In Lower Lusatia he had Lübben Castle built as the administrative seat. In September 1673, however, he confirmed the guild articles of the shopkeeper's guild, which made it considerably more difficult for traveling merchants, especially Jews, to conduct trade in Niederlausitz.

On November 25, 1659, he granted Count Erdmann Leopold von Promnitz permission to accept Protestant religious refugees from Silesia , mainly from the principalities of Sagan and Glogau , in his possession of Neudorf, and granted them city rights. It was renamed Christianstadt in his honor .

Difficult relationship with course Saxons

After the new Albertine supply principalities on Electoral Saxon soil had already caused irritation to the eldest brother Johann Georg II of Saxony , who saw the primogeniture and the power-political unity of the electoral state in danger with these splits and therefore was reluctant to approve sovereignty rights to his brothers now also his son and successor, Christian's nephew, Elector Johann Georg III. To bring Saxony-Merseburg back under Electoral Saxon suzerainty. So Johann Georg III. Revoked previous agreements, which had subjected the Merseburg duke to several country residents, which led to open conflict under Christian's successor.

In the fruitful society

In 1655, Duke Christian I was accepted into the Fruitful Society by Duke Wilhelm IV of Saxe-Weimar . This gave him the company name of the coroner and the motto the praise of honor . As an emblem he was given ivy wrapped around a pyramid . Duke Christian's entry can be found in the Koethen Society Register under no.643.

Death and burial

Duke Christian I died on October 18, 1691 at the age of 75 and was buried in a pewter coffin in the princely crypt of Merseburg Cathedral . His eldest son Christian succeeded him on the throne. Like his father, however, Christian I had given apanages to his three later sons before his death and assigned them their own residences.

Marriage and offspring

His only marriage was on November 19, 1650 in Dresden with Christiana von Schleswig-Holstein-Sonderburg-Glücksburg , the daughter of Philip, Duke of Schleswig-Holstein-Sonderburg-Glücksburg from his marriage to Sophie Hedwig von Sachsen-Lauenburg .

He had the following children with his wife:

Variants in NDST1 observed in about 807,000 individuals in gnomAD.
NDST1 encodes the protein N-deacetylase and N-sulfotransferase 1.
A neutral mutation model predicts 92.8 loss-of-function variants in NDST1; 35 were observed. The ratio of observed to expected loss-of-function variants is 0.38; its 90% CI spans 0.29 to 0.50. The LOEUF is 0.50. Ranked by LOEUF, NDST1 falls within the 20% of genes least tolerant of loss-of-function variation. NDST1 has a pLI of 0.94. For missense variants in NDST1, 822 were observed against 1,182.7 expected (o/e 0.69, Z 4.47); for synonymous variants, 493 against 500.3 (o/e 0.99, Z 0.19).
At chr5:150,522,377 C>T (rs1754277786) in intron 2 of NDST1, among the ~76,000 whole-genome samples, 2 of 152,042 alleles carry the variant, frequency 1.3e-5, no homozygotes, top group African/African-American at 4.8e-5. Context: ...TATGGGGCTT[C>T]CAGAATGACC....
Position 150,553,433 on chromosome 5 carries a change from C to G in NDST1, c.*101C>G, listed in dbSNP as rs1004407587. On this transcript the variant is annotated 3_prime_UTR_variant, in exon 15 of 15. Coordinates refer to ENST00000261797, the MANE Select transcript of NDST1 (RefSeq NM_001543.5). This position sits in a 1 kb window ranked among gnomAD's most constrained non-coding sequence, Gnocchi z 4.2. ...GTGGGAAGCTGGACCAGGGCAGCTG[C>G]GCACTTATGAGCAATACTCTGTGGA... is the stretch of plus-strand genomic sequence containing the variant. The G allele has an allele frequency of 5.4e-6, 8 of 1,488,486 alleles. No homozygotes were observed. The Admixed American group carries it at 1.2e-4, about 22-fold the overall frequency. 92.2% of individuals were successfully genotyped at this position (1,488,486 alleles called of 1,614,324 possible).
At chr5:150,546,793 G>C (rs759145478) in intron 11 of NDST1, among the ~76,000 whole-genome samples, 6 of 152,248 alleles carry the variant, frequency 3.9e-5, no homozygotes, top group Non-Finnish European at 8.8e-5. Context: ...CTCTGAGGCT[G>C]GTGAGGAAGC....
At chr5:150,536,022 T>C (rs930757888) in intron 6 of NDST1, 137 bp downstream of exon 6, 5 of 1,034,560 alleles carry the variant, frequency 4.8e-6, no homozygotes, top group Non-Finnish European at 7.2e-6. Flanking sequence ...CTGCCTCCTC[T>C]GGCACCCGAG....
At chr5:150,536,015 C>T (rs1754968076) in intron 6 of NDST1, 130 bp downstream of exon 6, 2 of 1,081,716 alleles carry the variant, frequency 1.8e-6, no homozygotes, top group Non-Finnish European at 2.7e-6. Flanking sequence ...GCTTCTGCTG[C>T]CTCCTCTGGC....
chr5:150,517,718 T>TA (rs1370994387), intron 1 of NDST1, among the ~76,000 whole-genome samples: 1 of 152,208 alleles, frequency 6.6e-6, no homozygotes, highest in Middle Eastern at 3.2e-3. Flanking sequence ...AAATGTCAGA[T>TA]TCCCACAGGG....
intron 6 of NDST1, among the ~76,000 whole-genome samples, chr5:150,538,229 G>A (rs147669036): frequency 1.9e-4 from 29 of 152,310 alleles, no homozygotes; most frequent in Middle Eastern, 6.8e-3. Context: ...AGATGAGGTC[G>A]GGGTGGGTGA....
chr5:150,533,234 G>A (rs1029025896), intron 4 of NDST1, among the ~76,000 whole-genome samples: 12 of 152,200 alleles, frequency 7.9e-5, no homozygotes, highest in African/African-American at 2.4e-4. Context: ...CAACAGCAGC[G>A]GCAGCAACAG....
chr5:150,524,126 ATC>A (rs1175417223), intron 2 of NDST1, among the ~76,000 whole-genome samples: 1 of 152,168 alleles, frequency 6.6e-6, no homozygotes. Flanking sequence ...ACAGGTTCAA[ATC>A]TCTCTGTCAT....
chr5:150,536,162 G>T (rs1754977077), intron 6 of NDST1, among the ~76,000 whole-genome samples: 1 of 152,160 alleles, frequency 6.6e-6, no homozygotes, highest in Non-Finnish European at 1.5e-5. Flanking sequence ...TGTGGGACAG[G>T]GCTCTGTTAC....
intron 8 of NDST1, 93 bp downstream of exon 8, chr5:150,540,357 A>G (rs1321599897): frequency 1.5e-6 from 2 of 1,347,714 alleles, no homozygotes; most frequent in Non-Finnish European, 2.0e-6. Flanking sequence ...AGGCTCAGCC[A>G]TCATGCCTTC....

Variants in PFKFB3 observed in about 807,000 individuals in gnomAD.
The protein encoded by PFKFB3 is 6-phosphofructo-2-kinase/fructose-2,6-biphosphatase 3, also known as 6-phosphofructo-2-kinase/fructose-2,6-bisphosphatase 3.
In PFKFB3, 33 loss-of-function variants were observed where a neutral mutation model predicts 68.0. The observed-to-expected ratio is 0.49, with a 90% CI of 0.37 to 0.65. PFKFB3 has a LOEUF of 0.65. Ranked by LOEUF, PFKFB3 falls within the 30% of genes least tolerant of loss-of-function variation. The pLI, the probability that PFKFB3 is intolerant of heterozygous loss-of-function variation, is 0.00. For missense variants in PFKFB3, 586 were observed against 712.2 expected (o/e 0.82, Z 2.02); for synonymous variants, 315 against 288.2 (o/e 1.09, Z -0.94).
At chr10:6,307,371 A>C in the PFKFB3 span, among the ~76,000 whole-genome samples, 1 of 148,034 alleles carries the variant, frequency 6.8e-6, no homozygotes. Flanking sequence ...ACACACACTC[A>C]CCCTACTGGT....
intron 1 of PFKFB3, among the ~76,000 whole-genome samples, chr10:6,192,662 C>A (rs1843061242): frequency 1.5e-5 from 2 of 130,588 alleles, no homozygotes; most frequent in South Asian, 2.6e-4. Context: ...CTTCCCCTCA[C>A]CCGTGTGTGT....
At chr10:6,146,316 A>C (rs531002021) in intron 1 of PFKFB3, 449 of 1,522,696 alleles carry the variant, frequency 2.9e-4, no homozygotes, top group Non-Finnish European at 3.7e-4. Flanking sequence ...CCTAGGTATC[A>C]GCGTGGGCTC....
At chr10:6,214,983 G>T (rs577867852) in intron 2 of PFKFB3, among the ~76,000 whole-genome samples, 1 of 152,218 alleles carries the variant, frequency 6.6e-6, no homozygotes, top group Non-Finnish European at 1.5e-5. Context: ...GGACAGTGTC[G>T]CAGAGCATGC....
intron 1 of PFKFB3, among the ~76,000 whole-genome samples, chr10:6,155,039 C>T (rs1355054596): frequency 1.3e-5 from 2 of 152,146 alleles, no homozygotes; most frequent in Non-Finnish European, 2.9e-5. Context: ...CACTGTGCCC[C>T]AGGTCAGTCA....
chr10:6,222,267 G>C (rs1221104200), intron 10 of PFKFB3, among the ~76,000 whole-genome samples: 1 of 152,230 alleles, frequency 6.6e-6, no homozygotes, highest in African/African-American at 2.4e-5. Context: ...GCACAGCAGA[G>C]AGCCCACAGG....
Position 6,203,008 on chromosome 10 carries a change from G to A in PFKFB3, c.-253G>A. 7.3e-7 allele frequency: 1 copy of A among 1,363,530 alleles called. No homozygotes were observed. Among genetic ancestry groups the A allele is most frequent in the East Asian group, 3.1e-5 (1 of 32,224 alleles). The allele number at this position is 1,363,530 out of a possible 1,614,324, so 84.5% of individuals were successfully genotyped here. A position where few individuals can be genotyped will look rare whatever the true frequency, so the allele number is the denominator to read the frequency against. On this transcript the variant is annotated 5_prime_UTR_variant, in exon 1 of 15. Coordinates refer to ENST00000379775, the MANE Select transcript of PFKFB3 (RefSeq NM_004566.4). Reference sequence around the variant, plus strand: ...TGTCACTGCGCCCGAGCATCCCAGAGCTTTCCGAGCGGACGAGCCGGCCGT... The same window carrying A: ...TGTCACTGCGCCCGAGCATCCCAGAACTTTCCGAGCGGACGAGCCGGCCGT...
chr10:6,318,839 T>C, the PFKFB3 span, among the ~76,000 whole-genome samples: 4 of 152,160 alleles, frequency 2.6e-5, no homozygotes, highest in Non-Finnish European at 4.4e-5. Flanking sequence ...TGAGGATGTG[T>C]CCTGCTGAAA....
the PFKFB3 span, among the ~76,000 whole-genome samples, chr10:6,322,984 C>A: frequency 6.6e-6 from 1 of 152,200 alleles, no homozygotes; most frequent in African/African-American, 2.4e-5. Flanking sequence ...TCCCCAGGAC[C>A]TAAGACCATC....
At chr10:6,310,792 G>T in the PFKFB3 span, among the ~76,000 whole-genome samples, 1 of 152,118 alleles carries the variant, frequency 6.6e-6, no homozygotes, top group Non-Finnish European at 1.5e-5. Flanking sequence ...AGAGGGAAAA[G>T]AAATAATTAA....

In addition, recent research confirms a not insignificant number of illegitimate children from his connections to mistresses , which, however, was by no means unusual.


Pedigree of Christian I of Saxony-Merseburg

Heinrich the Pious (1473–1541)
⚭ 1512
Catherine of Mecklenburg (1487–1561)

Christian III (1503–1559)
⚭ 1525
Dorothea von Sachsen-Lauenburg (1511–1571)

Joachim II (1505–1571)
⚭ 1524
Magdalene of Saxony (1507–1534)

Georg von Brandenburg-Ansbach (1484–1543)
⚭ 1525
Hedwig von Münsterberg-Oels (1508–1531)

Friedrich V of Brandenburg (1460–1536)
⚭ 1479
Sofia Jagiellonka (1464–1512)

Erich I (1470–1540)
⚭ 1525
Elisabeth of Brandenburg (1510–1558)

Johann von Jülich-Kleve-Berg (1490–1539)
⚭ 1510
Maria von Jülich-Berg (1491–1543)

Ferdinand I (1503–1564)
⚭ 1521
Anna of Bohemia and Hungary (1503–1547)

Great grandparents

Elector August of Saxony (1526–1586)
⚭ 1548
Anna of Denmark (1532–1585)

Elector Johann Georg von Brandenburg (1525–1598)
⚭ 1548
Sabina von Brandenburg-Ansbach (1529–1575)

Duke Albrecht of Prussia (1490–1568)
⚭ 1550
Anna Maria of Braunschweig (1532–1568)

Duke Wilhelm V (1516–1592)
⚭ 1546
Maria of Austria (1531–1581)


Elector Christian I of Saxony (1560–1591)
⚭ 1582
Sophie of Brandenburg (1568–1622)

Duke Albrecht Friedrich of Prussia (1553–1618)
⚭ 1573
Marie Eleonore von Jülich-Kleve-Berg (1550–1608)


Elector Johann Georg I of Saxony (1585–1656)
⚭ 1607
Magdalena Sibylle of Prussia (1586–1659)

Christian I of Saxe-Merseburg


Web links

Commons : Christian I.  - Collection of images, videos and audio files
predecessor Office successor
Administration by the Electorate of Saxony Proposed Administrator of Merseburg
1650 / 53 - 1691
risen in the duchy of Saxony-Merseburg
predecessor Office successor
emerged from Kursachsen and Merseburg Duke of Saxe-Merseburg
1656 / 57 - 1691
Christian II